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One of the things that stands out most about Erich Wolfgang Korngold’s music is that, as discussed in the module, his music is very symphonic. Many of the works in earlier films such as Gone With The Wind (1939), composed by Max Steiner, and The Birth of a Nation (1915), composed by Joseph Breil, feel somewhat blocky in their compositing because the music seemed to jump from leitmotif to leitmotif. This is not to say that the music wasn’t good, but simply that it is blockier.
In The Adventures of Robin Hood (1938), the music feels more organic to me because while there are leitmotifs in them, Korngold weaves together many more melodies and blends them together. For example, many of the leitmotifs in both The Birth of a Nation and Gone With The Wind were either monophonic or had just one melody and one counter melody. In Korngold’s work in The Adventures of Robin Hood, the music is more complex with many countermelodies going on at once. I find that individual songs or leitmotifs seem to be more balanced in terms of instrumentation. For example, the leitmotif for Scarlett O’hara (Vivian Leigh) in Gone With The Wind featured the woodwinds, with strings in countermelodies, but mostly the melody was carried by the flutes and piccolos. In contrast, during the feast of the woodsmen, the music starts off with lower brass and woodwind instruments, and then the strings get louder, and then the piccolos pick up the melody. Then all of the other instruments drop out leaving just the strings. This makes the music more interesting and less blocky because each instrument gets more equal representation across a single song.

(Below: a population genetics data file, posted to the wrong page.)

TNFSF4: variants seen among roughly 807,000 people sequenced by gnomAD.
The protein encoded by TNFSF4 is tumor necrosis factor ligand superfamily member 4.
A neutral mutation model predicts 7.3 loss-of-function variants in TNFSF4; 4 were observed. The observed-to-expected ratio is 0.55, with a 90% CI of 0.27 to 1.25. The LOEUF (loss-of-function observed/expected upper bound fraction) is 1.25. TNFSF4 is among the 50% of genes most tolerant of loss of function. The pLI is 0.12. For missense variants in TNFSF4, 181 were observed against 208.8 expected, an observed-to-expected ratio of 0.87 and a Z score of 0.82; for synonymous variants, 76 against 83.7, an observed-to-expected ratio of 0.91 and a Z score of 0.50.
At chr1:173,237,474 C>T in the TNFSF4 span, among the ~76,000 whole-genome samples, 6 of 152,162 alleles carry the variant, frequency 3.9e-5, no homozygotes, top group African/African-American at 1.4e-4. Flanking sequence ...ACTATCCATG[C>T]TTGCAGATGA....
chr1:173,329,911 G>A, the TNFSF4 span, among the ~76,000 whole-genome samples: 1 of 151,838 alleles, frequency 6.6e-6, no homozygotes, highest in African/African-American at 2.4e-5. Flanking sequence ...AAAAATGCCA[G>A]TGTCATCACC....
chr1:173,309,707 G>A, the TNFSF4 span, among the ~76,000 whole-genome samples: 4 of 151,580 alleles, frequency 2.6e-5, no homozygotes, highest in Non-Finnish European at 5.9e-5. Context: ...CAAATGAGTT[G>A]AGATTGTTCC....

Another big difference I noticed between the music of Korngold and the music of Steiner is that Korngold seems to use less micky-mousing. In the scene we watched from Gone With The Wind, the opening song descended chromatically while Scarlett descended the staircase. Later, the music was very synchronized to the visuals, like the music stopping when she threw the vase at the wall and building up when she slapped Ashley (Leslie Howard). The same thing happens in another of Steiner’s work King Kong, albeit more subtly, where the booming bassoon mimics Kong’s footsteps. Conversely, the music in The Adventures of Robin Hood does not line up as synchronously with the visuals. In a practice sword fight between Robin Hood and Friar Tuck (Eugene Pallette), the music is intense but the tempo does not line up with their choreography.
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